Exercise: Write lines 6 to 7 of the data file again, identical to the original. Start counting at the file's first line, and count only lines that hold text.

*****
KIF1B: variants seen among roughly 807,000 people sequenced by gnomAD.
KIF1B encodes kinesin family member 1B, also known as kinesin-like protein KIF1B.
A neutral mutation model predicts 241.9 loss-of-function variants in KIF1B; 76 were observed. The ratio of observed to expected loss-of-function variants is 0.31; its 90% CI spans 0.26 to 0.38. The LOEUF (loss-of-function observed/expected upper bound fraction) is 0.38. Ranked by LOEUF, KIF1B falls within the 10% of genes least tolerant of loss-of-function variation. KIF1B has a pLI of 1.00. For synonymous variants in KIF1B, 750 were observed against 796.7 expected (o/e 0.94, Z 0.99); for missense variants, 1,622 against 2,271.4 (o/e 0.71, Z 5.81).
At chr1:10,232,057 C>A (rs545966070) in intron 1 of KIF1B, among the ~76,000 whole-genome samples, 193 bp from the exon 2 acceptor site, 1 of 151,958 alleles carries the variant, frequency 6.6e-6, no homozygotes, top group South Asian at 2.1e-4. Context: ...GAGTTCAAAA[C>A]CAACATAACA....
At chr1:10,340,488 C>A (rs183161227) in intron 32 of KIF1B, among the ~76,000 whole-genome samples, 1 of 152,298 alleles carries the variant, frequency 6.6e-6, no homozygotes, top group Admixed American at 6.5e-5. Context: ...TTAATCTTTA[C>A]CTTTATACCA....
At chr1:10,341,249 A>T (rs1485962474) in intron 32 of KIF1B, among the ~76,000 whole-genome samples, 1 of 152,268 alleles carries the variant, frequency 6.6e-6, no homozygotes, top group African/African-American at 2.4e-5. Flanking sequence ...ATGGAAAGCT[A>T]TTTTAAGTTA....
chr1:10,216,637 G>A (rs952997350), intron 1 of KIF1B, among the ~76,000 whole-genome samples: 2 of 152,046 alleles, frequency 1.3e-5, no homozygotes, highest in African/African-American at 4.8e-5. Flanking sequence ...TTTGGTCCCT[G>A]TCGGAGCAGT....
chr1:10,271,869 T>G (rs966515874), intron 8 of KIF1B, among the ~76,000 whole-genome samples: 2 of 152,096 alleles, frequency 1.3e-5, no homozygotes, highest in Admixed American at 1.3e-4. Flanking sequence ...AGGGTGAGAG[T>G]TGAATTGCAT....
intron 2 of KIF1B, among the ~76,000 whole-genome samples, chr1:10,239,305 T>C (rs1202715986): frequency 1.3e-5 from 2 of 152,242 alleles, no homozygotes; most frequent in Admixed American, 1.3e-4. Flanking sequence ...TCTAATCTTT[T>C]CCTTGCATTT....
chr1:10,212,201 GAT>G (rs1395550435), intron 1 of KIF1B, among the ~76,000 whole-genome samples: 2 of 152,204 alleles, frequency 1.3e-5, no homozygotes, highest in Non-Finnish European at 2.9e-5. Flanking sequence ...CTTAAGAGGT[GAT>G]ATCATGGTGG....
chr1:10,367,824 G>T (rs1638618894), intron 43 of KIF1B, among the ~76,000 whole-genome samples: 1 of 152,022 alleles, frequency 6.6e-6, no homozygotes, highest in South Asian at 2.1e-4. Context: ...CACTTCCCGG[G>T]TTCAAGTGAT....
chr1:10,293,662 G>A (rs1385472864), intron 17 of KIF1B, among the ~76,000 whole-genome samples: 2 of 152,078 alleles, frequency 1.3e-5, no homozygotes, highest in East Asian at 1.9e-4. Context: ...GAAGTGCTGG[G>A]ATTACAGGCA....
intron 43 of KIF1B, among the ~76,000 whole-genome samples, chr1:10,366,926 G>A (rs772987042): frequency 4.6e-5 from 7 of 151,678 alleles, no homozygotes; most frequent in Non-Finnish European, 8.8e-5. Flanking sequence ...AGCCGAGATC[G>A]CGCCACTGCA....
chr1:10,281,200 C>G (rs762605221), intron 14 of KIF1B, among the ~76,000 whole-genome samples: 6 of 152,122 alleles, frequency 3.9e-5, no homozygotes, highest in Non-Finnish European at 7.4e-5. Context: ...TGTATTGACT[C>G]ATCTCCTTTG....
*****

At chr1:10,341,249 A>T (rs1485962474) in intron 32 of KIF1B, among the ~76,000 whole-genome samples, 1 of 152,268 alleles carries the variant, frequency 6.6e-6, no homozygotes, top group African/African-American at 2.4e-5. Flanking sequence ...ATGGAAAGCT[A>T]TTTTAAGTTA....
chr1:10,216,637 G>A (rs952997350), intron 1 of KIF1B, among the ~76,000 whole-genome samples: 2 of 152,046 alleles, frequency 1.3e-5, no homozygotes, highest in African/African-American at 4.8e-5. Flanking sequence ...TTTGGTCCCT[G>A]TCGGAGCAGT....